Director Katherine Jerkovic’s follow-up to Roads in February is a sensitive and compelling rumination on the tricky nature of family, in which a widower’s estranged daughter suddenly reappears with a grandson he didn’t know about.
Katherine Jerkovic’s follow-up to Roads in February, winner of TIFF’s Best Canadian First Feature prize in 2018, boasts the same intimate, insightful approach to character and pacing that distinguished her debut. Reserved and reticent Camilo, a fiftysomething widower, works for a cleaning company in Montreal. Back in the day, he ran a successful restaurant called Le Coyote that, for reasons initially unknown to us, went under. Since then, he has doggedly pursued culinary jobs, to no avail. But an old friend and fan of Le Coyote has just asked him to work as a chef in the suburbs. Finally, it seems Camilo will get his life back on track after a long time in the wilderness.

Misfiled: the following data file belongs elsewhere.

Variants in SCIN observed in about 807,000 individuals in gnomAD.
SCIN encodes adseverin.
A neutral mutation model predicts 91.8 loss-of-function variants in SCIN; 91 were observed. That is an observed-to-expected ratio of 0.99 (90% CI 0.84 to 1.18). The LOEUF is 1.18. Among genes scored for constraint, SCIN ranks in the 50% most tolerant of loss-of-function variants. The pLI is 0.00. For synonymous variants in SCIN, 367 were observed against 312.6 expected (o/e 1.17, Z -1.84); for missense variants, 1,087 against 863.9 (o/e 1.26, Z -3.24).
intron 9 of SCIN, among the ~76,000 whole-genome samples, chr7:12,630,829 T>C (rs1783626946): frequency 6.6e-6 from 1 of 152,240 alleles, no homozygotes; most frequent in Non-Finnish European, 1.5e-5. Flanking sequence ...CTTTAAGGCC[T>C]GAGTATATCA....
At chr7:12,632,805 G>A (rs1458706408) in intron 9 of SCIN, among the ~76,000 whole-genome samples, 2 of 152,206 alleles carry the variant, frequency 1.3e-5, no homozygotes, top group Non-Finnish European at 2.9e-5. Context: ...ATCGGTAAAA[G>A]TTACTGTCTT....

Without warning, estranged daughter Tania enters the picture with the shocking news that Camilo has a grandson, Zachary. Wary of his daughter’s self-destructive behaviour, Camilo is dismayed when she asks him to care for Zachary while she is in rehab. But Camilo reluctantly acquiesces, despite his misgivings and Zachary’s apparent distrust of him.
Jerkovic carefully and sensitively explores the profound, conflicting emotions complicating her characters’ relationships. There are no heroes or villains here, just human beings battling themselves. Proud and still resentful over the past, Camilo wants little to do with Tania and doesn’t really know how to speak to Zachary. (He’s like a modernized version of Silas Marner.) Tania is erratic and irresponsible while Zachary is angry and terrified he will lose his mother, the only constant in his young life. What emerges is an affecting tale of a family trying to reconstruct itself. Jerkovic’s naturalist style makes Coyote one of the most poignant and emotionally genuine films of the year.
Content advisory: themes of drug abuse